With a catamaran it's not the same, but there is point to my waffling. A catamaran's downwind woes, stem from a rearward leaning mast, and 'swept' back spreaders. Mono's have a backstay, we don't. With a backstay helping hold the mast up, you have much more freedom with sail position, and can let the mailsail out more to the sides when downwind ('sort of' like the Windsurfer, rotating its sail broadside to the wind). On a Cat, the amount you can let the sail out to the side (before it starts rubbing (very bad), on the swept back side stays), is absolutely pitiful. The solution is the spinnaker (Mono's and Cats), but they are tricky at the best of times, and single handed ... forget it mate! So I'm rather screwed.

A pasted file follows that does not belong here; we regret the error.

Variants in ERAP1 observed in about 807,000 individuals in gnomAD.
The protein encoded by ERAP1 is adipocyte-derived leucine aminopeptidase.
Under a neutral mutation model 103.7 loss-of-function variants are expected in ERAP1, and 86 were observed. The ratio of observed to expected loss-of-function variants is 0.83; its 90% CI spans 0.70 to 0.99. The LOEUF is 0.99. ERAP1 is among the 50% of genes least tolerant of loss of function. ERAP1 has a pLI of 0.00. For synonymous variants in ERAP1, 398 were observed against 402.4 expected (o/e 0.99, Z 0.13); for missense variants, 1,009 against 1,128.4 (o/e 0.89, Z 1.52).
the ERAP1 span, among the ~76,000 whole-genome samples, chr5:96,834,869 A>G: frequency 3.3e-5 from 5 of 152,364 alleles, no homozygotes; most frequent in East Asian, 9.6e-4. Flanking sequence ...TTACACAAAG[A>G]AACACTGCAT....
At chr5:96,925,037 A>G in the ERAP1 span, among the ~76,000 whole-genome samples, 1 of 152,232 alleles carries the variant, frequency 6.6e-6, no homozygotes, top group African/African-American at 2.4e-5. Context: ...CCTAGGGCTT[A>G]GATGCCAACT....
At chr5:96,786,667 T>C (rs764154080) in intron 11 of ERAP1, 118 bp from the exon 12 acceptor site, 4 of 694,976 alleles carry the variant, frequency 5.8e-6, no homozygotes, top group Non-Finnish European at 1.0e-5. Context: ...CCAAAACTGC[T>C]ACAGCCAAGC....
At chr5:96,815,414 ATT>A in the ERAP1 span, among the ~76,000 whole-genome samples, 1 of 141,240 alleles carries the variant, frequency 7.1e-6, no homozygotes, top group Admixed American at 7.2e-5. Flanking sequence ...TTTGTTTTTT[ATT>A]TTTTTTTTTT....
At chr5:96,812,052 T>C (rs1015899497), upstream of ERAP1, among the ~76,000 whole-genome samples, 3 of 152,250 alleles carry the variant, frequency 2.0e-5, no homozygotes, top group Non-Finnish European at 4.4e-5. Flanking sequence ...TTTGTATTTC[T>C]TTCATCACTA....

My only course of action is the 'Dunkerbeck'. On the ARC I had the distinction of being 2nd of 200 across the start line (all those years of race starts), and of being at one stage the southern most boat in the fleet, and days later, one of the most northerly. This Pacific crossing is turning out to be similar. 3 days ago I was the most southerly at 11 degrees south, and today I'm likely to be at almost 6 degrees! Of course the ARC was officially a race, albeit a fun orientated one. Here it's different in that it's only time I'm racing, with this wide ocean keeping me from many a good cold pacific beer. So I'm trying to maximize my overall 'speed to target' by sailing quicker across the wind, but there is another reason - wear and tear. When the wind is light in a sail (when it's inefficiently sailing directly downwind), in swell, it flaps horribly, in fact the mainsail (mine is very heavy as it's strongly laminated), will often whiplash when the boat rolls with that 13th wave. It's EXTRemely painful to watch, hear, and feel!